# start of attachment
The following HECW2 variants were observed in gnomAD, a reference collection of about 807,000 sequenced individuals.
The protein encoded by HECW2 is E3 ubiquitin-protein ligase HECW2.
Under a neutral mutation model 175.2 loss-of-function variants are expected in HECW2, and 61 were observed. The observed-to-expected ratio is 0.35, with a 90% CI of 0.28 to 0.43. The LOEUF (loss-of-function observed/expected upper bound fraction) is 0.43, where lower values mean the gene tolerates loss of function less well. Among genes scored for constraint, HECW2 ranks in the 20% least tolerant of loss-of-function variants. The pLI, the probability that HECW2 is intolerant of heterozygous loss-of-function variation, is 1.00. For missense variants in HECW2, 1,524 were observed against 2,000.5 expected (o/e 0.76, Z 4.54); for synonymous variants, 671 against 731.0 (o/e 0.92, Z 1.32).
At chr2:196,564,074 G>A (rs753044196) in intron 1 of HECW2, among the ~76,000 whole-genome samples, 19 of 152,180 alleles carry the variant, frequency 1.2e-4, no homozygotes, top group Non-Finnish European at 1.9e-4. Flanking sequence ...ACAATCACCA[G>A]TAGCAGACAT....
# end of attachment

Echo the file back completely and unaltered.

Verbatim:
The following HECW2 variants were observed in gnomAD, a reference collection of about 807,000 sequenced individuals.
The protein encoded by HECW2 is E3 ubiquitin-protein ligase HECW2.
Under a neutral mutation model 175.2 loss-of-function variants are expected in HECW2, and 61 were observed. The observed-to-expected ratio is 0.35, with a 90% CI of 0.28 to 0.43. The LOEUF (loss-of-function observed/expected upper bound fraction) is 0.43, where lower values mean the gene tolerates loss of function less well. Among genes scored for constraint, HECW2 ranks in the 20% least tolerant of loss-of-function variants. The pLI, the probability that HECW2 is intolerant of heterozygous loss-of-function variation, is 1.00. For missense variants in HECW2, 1,524 were observed against 2,000.5 expected (o/e 0.76, Z 4.54); for synonymous variants, 671 against 731.0 (o/e 0.92, Z 1.32).
At chr2:196,564,074 G>A (rs753044196) in intron 1 of HECW2, among the ~76,000 whole-genome samples, 19 of 152,180 alleles carry the variant, frequency 1.2e-4, no homozygotes, top group Non-Finnish European at 1.9e-4. Flanking sequence ...ACAATCACCA[G>A]TAGCAGACAT....